A Clever Finish Makes a Single Layer Reversible
This linen (purchased at MarcyTilton.com) was woven so that each side is a different color. Though it is double-faced, the linen is not a double cloth. The results are determined by the way the seams and edges are managed. Instead of binding or tucking the raw edges, they are extended and turned to the one side, where they become a flattering, contrasting-color detail.
1. Cut all edges 1 1/4 inch wider than the pattern specifies. You don’t have to copy the pattern, just mark and cut 1 1/4 inch from the finished edge line on the pattern. Omit all of the facings.
Mark and cut an extended edge.
2. Assemble the garment by sewing on the original seamline, with a 5⁄8-inch seam allowance. Position the fabric with same sides together (since both sides are right.) Press the seam allowances open as you go. Clip only as necessary to make the seam allowance or edge lie flat. When you do need to clip, balance the position of the clipping on each side (right and left) of the garment. Use a flat fell seam for the neckline.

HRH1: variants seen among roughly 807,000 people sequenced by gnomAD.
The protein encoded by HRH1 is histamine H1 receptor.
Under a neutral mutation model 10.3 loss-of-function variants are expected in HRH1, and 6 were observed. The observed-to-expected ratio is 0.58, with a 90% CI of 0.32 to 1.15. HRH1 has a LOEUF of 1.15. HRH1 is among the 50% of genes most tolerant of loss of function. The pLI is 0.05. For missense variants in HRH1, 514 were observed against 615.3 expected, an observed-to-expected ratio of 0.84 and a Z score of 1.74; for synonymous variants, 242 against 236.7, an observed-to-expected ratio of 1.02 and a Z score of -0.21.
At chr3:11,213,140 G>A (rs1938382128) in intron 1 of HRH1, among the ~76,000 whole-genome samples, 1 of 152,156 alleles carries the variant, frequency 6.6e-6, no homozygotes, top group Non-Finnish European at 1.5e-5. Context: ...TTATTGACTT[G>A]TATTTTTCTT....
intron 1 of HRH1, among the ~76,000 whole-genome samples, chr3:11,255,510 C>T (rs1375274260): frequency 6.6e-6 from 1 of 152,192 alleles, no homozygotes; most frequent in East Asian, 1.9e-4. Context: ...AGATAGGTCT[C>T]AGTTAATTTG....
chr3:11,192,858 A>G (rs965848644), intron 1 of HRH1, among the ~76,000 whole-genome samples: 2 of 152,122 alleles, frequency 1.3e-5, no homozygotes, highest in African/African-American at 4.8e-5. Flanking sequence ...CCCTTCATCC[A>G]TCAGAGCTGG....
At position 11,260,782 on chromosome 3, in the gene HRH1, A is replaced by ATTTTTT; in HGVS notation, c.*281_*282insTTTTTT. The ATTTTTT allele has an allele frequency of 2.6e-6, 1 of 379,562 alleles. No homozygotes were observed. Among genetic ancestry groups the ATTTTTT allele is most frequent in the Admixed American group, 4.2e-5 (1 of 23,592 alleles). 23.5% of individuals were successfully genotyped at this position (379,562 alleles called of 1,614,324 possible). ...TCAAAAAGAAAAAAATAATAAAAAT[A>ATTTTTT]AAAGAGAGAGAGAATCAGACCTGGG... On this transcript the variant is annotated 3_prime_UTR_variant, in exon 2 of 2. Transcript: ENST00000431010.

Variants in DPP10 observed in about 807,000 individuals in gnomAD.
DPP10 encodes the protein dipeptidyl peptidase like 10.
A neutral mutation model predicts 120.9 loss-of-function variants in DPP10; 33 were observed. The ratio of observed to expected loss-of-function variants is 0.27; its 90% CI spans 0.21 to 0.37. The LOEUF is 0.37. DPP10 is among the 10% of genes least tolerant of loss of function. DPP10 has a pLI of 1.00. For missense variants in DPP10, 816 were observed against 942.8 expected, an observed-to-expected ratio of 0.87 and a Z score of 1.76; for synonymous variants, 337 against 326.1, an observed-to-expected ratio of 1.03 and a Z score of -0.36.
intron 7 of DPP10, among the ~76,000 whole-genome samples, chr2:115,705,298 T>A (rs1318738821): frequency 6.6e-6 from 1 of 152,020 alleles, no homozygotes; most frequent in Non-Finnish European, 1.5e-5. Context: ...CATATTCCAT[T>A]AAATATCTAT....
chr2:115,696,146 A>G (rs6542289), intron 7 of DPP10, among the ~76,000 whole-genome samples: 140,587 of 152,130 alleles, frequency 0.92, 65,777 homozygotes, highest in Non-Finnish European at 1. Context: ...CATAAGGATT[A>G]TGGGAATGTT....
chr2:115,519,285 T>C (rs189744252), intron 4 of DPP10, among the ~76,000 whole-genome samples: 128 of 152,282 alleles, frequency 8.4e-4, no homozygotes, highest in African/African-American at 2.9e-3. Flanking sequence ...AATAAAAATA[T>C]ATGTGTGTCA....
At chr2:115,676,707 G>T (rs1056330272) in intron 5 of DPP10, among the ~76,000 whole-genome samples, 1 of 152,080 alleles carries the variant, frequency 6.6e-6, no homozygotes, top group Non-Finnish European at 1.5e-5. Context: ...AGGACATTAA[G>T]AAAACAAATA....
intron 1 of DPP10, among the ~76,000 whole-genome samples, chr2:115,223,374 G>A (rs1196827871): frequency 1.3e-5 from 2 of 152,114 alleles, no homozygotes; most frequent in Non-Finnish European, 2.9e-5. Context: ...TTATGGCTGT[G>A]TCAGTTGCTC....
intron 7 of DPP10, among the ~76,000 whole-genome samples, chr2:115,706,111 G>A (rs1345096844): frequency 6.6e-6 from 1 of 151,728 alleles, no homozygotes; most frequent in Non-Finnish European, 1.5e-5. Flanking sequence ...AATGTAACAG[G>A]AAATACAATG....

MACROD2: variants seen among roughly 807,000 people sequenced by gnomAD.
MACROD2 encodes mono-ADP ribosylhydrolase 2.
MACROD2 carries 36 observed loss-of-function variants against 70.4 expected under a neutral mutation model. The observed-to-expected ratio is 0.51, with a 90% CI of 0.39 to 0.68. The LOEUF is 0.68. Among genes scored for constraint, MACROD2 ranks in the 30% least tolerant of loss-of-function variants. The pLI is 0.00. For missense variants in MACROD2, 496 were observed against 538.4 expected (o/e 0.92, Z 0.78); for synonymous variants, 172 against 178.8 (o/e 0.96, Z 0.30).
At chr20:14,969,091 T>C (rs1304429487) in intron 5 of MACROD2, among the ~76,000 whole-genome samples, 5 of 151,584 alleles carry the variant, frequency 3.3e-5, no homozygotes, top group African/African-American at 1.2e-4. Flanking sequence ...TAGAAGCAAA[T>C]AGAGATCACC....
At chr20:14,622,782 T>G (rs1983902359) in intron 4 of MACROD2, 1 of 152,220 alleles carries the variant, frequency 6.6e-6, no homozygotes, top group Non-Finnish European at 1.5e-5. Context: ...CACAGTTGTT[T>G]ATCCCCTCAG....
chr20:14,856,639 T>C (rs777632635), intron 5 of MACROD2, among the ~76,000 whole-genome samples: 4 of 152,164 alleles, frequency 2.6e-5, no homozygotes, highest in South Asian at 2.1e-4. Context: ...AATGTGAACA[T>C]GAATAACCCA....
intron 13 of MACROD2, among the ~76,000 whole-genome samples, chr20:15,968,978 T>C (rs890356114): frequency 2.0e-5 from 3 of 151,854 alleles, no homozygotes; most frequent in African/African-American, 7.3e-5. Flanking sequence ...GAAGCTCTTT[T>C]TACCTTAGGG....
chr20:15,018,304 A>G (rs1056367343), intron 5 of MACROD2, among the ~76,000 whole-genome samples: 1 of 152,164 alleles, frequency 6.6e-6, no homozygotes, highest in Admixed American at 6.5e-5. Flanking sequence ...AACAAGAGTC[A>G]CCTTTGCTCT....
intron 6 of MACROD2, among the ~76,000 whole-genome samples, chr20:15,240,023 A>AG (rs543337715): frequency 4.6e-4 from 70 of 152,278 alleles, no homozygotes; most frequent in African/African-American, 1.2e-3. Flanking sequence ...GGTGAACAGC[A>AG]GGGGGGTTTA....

3. Affix the seam allowances and hem edges to the garment. Use either temporary spray adhesive or fusible tape to hold the edges while you stitch.
Temporary spray olds the edges while they are stitched, and paper masks the spray.
4. Free-motion topstitch the seam and hem allowances to the garment. On this jacket, variegated thread was used in a random zigzag pattern. You could alternatively channel stitch or free-motion stitch a border over the exposed seam and hem allowances to finish the edges.
Random Zigzag Stitching
Excerpted from Threads Issue 152, p.56
This edge and seam technique produces a relaxed double-duty jacket, the author's original design.